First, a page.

"At the end of the campaign you had a small group of paid political advisors, especially in the debate prep for the second debate. I'm not sure how helpful that is to a candidate when your inner circle becomes relatively small, and you don't have a sounding board, or you don't have someone who has known your past campaigns and seeing how you work as a candidate," the source continued.

Walker also ran into another debate problem: He wasn't eager to engage in contentious disputes with other Republican candidates.

"I think that he was very reticent to get into personal attacks against his competitors," Robert O'Brien, one of Walker's former foreign-policy advisors, told Business Insider. "I think he felt it was a strong Republican field. He had respect for folks, and it's not his style to engage in the more flamboyant conduct that maybe some of the other candidates engaged in."

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New Hampshire Republican Presidential Contenders
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How one of the strongest-looking Republican candidates collapsed in just 71 days
NASHUA, NH - APRIL 18: Donald Trump speaks at the First in the Nation Republican Leadership Summit April 18, 2015 in Nashua, New Hampshire. The Summit brought together local and national Republicans and was attended by all the Republicans candidates as well as those eyeing a run for the nomination. (Photo by Darren McCollester/Getty Images)
NASHUA, NH - APRIL 18: Donald Trump speaks at the First in the Nation Republican Leadership Summit April 18, 2015 in Nashua, New Hampshire. The Summit brought together local and national Republicans and was attended by all the Republicans candidates as well as those eyeing a run for the nomination. (Photo by Darren McCollester/Getty Images)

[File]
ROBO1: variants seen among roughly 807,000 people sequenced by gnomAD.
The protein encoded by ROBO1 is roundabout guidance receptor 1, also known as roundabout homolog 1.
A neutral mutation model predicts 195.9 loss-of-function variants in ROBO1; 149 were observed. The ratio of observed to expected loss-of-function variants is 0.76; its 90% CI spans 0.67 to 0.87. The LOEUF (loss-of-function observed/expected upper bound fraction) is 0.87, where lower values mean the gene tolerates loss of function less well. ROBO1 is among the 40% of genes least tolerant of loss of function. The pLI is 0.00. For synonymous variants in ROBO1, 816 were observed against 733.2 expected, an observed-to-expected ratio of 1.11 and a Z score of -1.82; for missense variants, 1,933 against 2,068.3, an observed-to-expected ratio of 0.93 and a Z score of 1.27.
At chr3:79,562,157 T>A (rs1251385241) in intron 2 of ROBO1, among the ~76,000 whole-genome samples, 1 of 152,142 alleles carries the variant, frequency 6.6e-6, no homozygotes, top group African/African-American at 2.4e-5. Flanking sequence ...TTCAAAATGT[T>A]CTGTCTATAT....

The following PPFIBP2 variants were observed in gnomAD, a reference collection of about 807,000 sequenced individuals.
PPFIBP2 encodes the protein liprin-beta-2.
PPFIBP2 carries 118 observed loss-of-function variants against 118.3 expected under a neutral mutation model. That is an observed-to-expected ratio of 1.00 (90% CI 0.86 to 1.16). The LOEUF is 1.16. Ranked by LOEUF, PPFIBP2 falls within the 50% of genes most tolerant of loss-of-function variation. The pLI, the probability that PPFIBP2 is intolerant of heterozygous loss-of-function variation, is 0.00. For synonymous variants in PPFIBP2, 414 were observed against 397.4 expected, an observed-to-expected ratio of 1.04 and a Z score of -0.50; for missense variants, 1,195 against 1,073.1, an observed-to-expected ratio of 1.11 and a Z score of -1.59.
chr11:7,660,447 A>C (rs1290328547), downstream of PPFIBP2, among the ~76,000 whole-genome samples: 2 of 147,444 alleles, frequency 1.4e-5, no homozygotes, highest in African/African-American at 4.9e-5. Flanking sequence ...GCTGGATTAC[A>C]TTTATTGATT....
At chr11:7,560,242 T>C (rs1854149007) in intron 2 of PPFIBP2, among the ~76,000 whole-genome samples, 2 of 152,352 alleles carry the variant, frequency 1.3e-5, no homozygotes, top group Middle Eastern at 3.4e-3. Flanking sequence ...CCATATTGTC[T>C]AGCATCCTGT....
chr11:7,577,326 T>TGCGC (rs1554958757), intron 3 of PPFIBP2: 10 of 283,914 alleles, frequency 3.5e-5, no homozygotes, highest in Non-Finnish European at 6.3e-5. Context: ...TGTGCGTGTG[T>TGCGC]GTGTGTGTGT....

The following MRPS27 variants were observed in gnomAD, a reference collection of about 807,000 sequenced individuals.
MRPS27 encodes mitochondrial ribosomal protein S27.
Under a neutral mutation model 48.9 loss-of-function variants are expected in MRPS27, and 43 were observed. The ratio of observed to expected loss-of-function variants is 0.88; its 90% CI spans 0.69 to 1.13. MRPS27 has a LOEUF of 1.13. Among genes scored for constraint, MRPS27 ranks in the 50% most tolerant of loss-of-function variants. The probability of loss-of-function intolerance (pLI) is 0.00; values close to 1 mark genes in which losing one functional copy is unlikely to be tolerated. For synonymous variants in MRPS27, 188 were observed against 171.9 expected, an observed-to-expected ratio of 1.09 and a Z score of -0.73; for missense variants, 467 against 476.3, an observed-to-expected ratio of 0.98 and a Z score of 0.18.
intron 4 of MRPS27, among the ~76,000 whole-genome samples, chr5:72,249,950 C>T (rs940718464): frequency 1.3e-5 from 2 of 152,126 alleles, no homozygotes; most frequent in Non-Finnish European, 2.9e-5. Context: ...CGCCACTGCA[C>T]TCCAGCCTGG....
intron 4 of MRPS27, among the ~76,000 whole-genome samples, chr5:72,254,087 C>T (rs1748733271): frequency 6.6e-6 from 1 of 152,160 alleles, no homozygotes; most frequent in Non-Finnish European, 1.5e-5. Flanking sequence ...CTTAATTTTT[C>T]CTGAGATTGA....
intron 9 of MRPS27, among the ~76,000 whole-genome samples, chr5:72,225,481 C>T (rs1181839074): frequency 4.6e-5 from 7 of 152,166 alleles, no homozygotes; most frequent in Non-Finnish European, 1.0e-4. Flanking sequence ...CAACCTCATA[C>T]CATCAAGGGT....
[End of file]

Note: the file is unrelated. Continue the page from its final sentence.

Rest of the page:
NASHUA, NH - APRIL 17: New Jersey Gov. Chris Christie speaks at the First in the Nation Republican Leadership Summit April 17, 2015 in Nashua, New Hampshire. The Summit brought together local and national Republicans and was attended by all the Republicans candidates as well as those eyeing a run for the nomination. (Photo by Darren McCollester/Getty Images)
NASHUA, NH - APRIL 17: New Jersey Gov. Chris Christie speaks at the First in the Nation Republican Leadership Summit April 17, 2015 in Nashua, New Hampshire. The Summit brought together local and national Republicans and was attended by all the Republicans candidates as well as those eyeing a run for the nomination. (Photo by Darren McCollester/Getty Images)
NASHUA, NH - APRIL 18: Former Hewlett Packard CEO Carly Fiorina speaks at the First in the Nation Republican Leadership Summit April 18, 2015 in Nashua, New Hampshire. The Summit brought together local and national Republicans and was attended by all the Republicans candidates as well as those eyeing a run for the nomination. (Photo by Darren McCollester/Getty Images)
NASHUA, NH - APRIL 17: Republican presidential candidate Sen. Marco Rubio (R-FL) speaks at the First in the Nation Republican Leadership Summit April 17, 2015 in Nashua, New Hampshire. The Summit brought together local and national Republicans and was attended by all the Republicans candidates as well as those eyeing a run for the nomination. (Photo by Darren McCollester/Getty Images)
NASHUA, NH - APRIL 17: Former Florida Gov. Jeb Bush speaks at the First in the Nation Republican Leadership Summit April 17, 2015 in Nashua, New Hampshire. The Summit brought together local and national Republicans and was attended by all the Republicans candidates as well as those eyeing a run for the nomination. (Photo by Darren McCollester/Getty Images)
NASHUA, NH - APRIL 17: Former Florida Gov. Jeb Bush speaks at the First in the Nation Republican Leadership Summit April 17, 2015 in Nashua, New Hampshire. The Summit brought together local and national Republicans and was attended by all the Republicans candidates as well as those eyeing a run for the nomination. (Photo by Darren McCollester/Getty Images)
NASHUA, NH - APRIL 17: Former Texas Gov. Rick Perry speaks at the First in the Nation Republican Leadership Summit April 17, 2015 in Nashua, New Hampshire. The Summit brought together local and national Republicans and was attended by all the Republicans candidates as well as those eyeing a run for the nomination. (Photo by Darren McCollester/Getty Images)